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It’s Not Worth It: Hayden’s Story

It’s Not Worth It: Hayden’s Story

Hayden was a Missouri teen, caught in an emotional battle with drug addiction. Heroin took his life, along with the lives of 15,446 Americans, in 2016.

With the opioid epidemic at the forefront of the news, these statistics resonate with us all.

  • According to the National Institute on Drug Abuse, three out of four heroin users report their first opioid was a prescription drug.
  • On the Missouri Student Survey, 18% of Missouri teens report to taking a prescription drug such as such as OxyContin, Percocet, Vicodin, codeine, Adderall, Ritalin, or Xanax, one or more times during their life without a doctor’s prescription.
  • The National Institute on Drug Abuse states that the most common source adolescents obtain these prescription drugs are “from a friend or relative for free.”
  • Furthermore, a study by the National institute on Drug Abuse found that depression increases the likelihood of teens trying a variety of drugs.

Know what is happening with your teen and don’t be afraid to have a conversation with them about the dangers of drug use.

This is Hayden’s story.

My name is Hayden Graver. My parents were in and out of my life my entire childhood so I lived with my grandparents most of the time. My parents disappointed me time after time and I just said screw it. I started smoking weed when I was 15 but soon started doing harder stuff like Meth and Heroin. I was involved with the wrong people and was either strung out or high on something every night. I was using to escape my situation and always chasing a life I didn’t have. But, then I got busted. I was arrested January 22, 2016 and sent to rehab. For the first month, I was a jerk to everyone there but eventually I started to work the program, I made amends with people I had wronged and graduated the program a model client. I started high school again in the fall of 2016 and started making new friends. My goals that fall were to make all a’s and b’s and get back into shape. I was doing pretty well until my demons found me. I began living a double life. I was one Hayden to my family and friends and another Hayden when I wanted to get high. I would say anything, tell any lie to anyone, to make sure I got my fix. It didn’t matter how much love and support or material things my family provided for me. All I wanted was to escape and get high. On October 31, 2016, Halloween night, I fatally overdosed in my bedroom at my grandparents’ house from a deadly combination of heroin, meth, and cocaine. My name is Hayden Graver. I was 17 years old.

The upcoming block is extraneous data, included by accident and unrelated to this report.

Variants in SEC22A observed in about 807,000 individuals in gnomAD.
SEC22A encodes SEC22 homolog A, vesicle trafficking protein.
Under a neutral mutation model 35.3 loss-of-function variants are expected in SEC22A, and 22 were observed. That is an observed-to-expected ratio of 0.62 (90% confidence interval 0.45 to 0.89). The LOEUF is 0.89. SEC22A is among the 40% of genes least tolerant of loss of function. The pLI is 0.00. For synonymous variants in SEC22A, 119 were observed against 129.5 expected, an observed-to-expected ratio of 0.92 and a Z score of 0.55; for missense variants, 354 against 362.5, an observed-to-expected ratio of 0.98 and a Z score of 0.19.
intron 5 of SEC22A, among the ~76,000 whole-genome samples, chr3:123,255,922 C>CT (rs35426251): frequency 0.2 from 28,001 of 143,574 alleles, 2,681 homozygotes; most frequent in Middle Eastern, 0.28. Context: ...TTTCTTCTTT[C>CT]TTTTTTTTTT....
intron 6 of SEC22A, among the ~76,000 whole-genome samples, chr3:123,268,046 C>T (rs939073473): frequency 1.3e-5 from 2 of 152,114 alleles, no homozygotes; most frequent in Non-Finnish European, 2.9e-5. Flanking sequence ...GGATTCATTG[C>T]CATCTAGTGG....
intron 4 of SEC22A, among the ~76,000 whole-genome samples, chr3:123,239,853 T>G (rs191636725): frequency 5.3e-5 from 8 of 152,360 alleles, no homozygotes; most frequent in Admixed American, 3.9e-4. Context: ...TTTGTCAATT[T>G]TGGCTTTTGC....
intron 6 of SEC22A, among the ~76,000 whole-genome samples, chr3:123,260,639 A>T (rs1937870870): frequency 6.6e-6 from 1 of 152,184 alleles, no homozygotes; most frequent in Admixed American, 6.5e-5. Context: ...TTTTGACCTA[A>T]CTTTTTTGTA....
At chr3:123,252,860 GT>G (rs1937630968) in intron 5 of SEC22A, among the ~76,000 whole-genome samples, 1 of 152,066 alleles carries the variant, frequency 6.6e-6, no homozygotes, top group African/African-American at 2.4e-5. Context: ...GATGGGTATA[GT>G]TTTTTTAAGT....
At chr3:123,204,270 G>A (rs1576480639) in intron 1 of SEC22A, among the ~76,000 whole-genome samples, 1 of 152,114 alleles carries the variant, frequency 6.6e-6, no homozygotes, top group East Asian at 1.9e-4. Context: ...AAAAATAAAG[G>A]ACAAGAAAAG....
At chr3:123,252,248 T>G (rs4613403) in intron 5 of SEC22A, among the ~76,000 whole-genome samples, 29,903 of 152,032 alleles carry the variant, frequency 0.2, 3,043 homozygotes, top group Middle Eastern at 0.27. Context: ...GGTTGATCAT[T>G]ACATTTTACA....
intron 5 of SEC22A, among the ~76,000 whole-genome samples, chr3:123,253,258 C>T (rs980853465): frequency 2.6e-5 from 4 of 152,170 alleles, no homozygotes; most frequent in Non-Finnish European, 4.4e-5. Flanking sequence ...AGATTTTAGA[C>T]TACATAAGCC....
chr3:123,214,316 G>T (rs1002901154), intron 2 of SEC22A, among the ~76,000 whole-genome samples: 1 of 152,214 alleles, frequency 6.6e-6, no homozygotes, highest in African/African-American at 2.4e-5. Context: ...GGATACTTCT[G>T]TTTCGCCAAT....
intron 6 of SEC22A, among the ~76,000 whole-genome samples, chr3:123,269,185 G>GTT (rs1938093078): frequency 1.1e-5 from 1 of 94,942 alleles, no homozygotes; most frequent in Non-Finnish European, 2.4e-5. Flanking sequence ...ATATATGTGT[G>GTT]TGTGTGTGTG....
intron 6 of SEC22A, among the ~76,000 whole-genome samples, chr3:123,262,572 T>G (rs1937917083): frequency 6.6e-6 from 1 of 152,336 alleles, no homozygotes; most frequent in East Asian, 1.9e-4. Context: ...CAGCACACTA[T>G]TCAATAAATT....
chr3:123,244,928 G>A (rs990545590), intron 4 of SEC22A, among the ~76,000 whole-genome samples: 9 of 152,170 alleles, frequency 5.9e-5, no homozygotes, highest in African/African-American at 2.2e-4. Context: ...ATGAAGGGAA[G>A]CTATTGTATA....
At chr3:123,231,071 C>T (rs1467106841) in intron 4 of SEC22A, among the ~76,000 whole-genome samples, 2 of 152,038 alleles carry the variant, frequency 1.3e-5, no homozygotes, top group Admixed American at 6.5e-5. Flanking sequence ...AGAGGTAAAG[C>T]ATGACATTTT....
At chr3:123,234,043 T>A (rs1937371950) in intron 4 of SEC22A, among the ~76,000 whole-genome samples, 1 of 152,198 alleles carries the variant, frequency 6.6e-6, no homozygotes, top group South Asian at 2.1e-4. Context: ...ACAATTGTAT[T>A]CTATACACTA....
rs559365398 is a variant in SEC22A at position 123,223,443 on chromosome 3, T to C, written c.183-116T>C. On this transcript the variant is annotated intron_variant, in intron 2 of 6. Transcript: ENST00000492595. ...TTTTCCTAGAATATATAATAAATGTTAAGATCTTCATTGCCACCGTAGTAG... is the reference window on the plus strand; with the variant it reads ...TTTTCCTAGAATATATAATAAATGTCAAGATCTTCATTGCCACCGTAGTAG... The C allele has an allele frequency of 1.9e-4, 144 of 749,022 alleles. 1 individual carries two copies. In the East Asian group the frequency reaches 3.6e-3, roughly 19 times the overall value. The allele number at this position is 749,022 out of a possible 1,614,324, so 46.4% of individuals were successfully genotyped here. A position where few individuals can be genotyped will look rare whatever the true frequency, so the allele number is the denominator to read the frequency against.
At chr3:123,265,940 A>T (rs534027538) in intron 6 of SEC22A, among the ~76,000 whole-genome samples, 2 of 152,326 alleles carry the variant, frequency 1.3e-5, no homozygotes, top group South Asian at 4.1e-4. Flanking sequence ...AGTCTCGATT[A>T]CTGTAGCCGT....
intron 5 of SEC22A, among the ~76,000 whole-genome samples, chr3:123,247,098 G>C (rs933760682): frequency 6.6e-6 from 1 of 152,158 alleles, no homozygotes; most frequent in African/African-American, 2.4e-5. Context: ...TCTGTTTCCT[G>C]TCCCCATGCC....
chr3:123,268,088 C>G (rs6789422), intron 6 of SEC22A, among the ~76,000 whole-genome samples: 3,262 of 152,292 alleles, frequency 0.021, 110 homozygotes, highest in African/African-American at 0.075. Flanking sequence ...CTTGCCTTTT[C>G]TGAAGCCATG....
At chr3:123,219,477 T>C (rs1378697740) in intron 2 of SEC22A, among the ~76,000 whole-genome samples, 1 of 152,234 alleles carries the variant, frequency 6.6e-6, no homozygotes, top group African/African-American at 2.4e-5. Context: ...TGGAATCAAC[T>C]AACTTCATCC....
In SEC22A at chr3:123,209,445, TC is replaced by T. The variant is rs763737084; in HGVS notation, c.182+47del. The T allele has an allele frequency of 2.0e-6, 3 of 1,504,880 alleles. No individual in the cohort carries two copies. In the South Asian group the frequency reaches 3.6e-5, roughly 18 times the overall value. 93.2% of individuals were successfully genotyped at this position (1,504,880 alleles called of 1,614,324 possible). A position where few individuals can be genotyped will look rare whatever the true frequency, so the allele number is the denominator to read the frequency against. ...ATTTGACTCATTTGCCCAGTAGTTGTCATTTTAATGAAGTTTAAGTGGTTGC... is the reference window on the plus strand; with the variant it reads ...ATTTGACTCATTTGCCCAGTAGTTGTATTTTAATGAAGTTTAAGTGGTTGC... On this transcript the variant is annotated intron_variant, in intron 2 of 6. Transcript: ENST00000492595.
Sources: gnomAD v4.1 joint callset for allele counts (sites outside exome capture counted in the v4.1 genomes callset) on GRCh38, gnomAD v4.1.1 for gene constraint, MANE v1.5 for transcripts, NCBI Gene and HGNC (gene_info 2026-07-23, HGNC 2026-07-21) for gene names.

“I was Hayden’s step grandfather. Mom and dad both have their own addictions. As it turned out, I was the active role in his life.” -Hayden’s grandfather said.

What comes to mind if you’re telling somebody about Hayden?

“Always happy go lucky, always up for an adventure,” his grandfather replied. “Well, he lived with us off and on throughout the years. Probably more so with us than not. But, officially he came to live with us in October of 2015. Everyday he’d come in and wish us good morning and when he left he’d always say I love you.”

And at what point did you learn that he was maybe also struggling with some addictions?

“It was also at that time,” his grandfather answered. “It was being reflected in his grades and then eventually he started to get in trouble. He ended up sneaking out of the house in the middle of the night unbeknownst to us. He was arrested for theft of jewelry. He was stealing the jewelry to sell it for money for drugs. And then he went into the CSTAR program.”